Where are they Now? Michael Zuraw, pianist
Jane Donahue For the Sun January 15, 2013 11:30AM
Naperville native Michael Zuraw, 40, is an acclaimed pianist and educator, who now lives in Houston. Zuraw attended Naperville North before finishing high school at the Interlochen Arts Academy in Michigan. | submitted
What’s on Michael Zuraw’s iPod? Here’s what the musician and avid long-distance runner listens to:
“My iPod is home to a kaleidoscope of music ranging from standard classical rep and jazz to the latest guilty pleasure by Katy Perry. I have a large file of music by jazz’s greatest instrumentalists and vocalists. There is also a lot of music from South America. My latest obsession is with the Brazilian singer Elza Soares. I use my iPod to accompany me on my many long runs. I like to escape the world of serious music while I am out there logging the miles. I fill those hours with pop and electronica — Passion Pit, Scissor Sisters, Beck and Feist are some of my current favorites.”
On the web
To learn more about Aperio Americas, a nonprofit organization of “local and internationally recognized musicians dedicated to preserving chamber music literature,” visit www.aperioamericas.org
Updated: February 28, 2013 6:08AM
Michael Zuraw took his first piano lesson at age 7. Today, the 40-year-old Naperville native makes a living as an acclaimed pianist and educator who shares his passion for chamber music with audiences around the globe.
“As a teenager, I was obsessed with the way music made me feel, more than anything,” said Zuraw, who now lives in Houston. “Though I loved it, I did not see it as a career path early on. Eventually, my love of music won out.”
Zuraw attended Naperville North before finishing high school at the Interlochen Arts Academy in Michigan.
“Naperville was a fantastic place to grow up that offered me many opportunities to explore my artistic side,” he said. “At North, I had the chance to explore many different roles as a performer, dabbling in acting and musical theater in addition to my instrumental performances.”
He described North as “an environment where students have the chance to explore so many different artistic avenues and many find great outlets for their talents.”
While a teen, he studied under the tutelage of Betty Jane Scott, a Naperville resident and respected piano teacher who passed away last month at the age of 78.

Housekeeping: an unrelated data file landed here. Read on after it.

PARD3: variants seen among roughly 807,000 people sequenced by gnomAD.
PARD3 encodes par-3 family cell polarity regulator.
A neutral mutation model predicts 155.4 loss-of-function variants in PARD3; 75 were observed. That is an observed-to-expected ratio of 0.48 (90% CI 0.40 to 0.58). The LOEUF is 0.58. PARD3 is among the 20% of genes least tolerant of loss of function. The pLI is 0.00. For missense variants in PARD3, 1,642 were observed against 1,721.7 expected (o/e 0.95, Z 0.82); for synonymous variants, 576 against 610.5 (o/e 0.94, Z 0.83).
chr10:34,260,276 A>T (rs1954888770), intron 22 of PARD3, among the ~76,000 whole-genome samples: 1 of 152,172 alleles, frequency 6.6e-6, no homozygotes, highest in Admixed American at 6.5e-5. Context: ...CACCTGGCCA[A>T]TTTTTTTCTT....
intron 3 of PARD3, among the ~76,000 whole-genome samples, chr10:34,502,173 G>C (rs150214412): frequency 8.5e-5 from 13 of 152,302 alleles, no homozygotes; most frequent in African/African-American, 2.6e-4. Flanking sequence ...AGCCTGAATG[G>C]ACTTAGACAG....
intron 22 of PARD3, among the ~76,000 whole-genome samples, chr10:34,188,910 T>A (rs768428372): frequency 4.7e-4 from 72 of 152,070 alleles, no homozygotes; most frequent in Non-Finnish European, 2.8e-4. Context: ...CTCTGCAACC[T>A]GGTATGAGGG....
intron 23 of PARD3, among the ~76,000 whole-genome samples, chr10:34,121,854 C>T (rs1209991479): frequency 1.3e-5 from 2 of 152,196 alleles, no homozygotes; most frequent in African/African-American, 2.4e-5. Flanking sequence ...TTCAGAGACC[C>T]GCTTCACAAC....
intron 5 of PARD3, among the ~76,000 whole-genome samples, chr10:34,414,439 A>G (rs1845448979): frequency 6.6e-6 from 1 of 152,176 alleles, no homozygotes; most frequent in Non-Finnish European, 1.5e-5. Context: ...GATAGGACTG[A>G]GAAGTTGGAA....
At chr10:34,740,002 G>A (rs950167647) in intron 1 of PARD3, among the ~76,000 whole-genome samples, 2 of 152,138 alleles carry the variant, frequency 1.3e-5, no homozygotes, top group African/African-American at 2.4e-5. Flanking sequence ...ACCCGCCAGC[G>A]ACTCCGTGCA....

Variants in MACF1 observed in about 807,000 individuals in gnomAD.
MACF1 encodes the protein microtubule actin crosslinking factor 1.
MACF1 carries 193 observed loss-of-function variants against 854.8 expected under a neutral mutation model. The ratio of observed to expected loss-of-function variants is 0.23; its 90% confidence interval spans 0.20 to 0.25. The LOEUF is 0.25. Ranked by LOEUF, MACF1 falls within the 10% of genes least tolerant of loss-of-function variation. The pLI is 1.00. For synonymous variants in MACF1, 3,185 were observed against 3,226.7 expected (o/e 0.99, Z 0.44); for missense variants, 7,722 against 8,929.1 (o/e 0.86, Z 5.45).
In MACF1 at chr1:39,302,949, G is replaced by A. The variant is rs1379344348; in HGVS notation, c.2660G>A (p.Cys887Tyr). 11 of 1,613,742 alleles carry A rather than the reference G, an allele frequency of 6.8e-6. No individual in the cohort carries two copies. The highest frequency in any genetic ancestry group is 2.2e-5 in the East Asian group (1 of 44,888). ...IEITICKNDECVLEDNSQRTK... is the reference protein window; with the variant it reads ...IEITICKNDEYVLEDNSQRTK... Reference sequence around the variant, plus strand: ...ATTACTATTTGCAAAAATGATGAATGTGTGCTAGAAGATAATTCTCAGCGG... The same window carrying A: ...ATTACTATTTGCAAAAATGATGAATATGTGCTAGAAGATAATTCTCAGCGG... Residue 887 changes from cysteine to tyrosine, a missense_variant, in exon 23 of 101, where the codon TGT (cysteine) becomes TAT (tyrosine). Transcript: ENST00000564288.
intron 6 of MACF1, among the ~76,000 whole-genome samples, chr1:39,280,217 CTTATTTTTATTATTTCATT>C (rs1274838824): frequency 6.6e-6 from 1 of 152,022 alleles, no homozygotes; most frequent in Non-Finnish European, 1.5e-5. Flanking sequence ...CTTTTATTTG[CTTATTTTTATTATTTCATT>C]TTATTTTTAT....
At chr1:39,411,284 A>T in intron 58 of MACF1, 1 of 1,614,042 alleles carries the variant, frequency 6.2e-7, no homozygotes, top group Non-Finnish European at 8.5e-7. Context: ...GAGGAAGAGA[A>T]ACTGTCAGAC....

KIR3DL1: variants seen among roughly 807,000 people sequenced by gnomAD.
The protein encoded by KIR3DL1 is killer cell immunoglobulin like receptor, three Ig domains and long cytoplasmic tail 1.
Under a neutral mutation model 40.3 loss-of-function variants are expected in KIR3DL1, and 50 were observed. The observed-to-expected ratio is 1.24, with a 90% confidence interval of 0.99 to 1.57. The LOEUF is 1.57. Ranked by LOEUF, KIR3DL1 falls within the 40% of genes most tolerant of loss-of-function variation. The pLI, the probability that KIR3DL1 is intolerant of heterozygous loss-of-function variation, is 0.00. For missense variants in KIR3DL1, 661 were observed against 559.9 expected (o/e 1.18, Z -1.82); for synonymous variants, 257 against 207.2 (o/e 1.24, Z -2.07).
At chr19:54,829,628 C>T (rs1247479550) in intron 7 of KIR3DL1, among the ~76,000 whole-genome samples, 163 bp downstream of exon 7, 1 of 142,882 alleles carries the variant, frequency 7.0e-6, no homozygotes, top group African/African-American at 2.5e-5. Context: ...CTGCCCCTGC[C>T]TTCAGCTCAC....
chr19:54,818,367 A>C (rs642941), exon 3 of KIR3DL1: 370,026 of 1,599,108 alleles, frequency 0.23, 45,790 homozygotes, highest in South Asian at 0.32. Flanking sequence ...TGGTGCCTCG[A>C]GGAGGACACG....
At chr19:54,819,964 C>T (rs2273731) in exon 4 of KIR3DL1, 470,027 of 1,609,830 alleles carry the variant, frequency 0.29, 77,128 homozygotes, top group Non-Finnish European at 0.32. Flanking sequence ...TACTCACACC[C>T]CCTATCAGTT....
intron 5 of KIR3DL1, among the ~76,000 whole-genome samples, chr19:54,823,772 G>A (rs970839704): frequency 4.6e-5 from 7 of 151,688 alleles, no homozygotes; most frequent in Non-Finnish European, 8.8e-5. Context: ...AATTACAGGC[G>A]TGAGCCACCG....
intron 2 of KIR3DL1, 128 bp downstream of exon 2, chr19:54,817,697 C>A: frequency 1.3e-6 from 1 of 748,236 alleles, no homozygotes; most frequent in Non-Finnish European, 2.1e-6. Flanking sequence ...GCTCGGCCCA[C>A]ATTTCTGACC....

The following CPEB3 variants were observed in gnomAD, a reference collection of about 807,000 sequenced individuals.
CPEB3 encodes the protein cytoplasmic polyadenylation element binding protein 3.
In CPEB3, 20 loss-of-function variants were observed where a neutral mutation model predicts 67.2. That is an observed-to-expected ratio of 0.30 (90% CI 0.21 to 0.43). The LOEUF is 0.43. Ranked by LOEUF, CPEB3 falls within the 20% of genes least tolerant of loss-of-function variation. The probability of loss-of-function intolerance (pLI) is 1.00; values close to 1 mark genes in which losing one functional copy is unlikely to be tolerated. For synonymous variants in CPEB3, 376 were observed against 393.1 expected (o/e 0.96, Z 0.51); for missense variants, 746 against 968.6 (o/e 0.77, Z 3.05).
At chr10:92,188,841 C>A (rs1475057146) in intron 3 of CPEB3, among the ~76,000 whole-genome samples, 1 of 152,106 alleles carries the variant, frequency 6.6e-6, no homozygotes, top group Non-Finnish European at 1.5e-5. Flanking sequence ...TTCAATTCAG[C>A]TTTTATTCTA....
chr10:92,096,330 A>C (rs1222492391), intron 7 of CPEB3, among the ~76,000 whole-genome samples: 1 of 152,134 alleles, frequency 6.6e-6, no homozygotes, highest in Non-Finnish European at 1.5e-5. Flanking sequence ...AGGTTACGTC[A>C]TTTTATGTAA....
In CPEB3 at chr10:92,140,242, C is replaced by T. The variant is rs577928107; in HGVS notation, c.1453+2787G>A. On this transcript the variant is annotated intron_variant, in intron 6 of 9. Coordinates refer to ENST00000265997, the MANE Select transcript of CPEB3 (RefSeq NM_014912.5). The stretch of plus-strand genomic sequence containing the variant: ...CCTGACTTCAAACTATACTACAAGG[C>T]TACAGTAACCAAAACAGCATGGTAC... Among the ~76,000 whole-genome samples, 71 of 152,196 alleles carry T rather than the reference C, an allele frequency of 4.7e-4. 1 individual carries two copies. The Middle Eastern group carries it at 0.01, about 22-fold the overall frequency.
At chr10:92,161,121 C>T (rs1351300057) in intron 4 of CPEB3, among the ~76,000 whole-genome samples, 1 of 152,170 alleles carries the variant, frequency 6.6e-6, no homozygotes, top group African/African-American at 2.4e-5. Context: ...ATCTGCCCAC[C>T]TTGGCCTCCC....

“Betty Jane Scott took me under her wing and taught me until I left to study at Interlochen,” he said. “She was a great inspiration to so many generations of students in Naperville and beyond.”
His mom, Rosemary, shared the sentiment.
“Mrs. Scott nurtured Michael’s piano skills and his love of music,” his mom said. “She gave him the foundation and encouragement to make sound educational and career decisions for himself. Although, their teaching relationship was only a few years, their connection was for the remainder of Mrs. Scott’s life. Our gift to Michael was to give him opportunity, he worked very hard for the rest.”
His passion for music led him to the University of Illinois, where he earned a bachelor’s degree in 1994 before pursuing a master’s degree at Carnegie-Mellon in 1996. He went on to earn a doctorate in musical arts from Rice University in 2002.
Texas is now home for Zuraw, where he is a faculty member at St. John’s School in Houston. In 2006, he founded Aperio Americas, a nonprofit organization of “local and internationally recognized musicians dedicated to preserving chamber music literature through performances that showcase contemporary composers from the Americas.”
“Organizations like Aperio are important because they are connecting with audiences in a way that is direct and culturally engaging,” said Zuraw, who serves as the organization’s president and artistic director. “Our programming speaks to the diversity of our audiences and emphasizes that many great contributions to the classical repertoire have been made by Latin, African, and Asian-American composers, in addition to the well-known modern masters.”
A Houston magazine called him the “superhero of chamber music,” an accolade that made even the seasoned performer blush.
“It is great to be recognized for the effort to revive concert repertoire of the many neglected composers that deserve a broader audience; those being composers who are currently writing great music, or those who were colleagues of the greats that we all know and love,” Zuraw said. “There is so much more to hear out there than just Bach, Beethoven and Brahms. There is so much music that is interesting from a cultural perspective.”
Columnist Jane Donahue is looking for graduates of Naperville schools who have made our city proud. To offer candidates, email her at email@example.com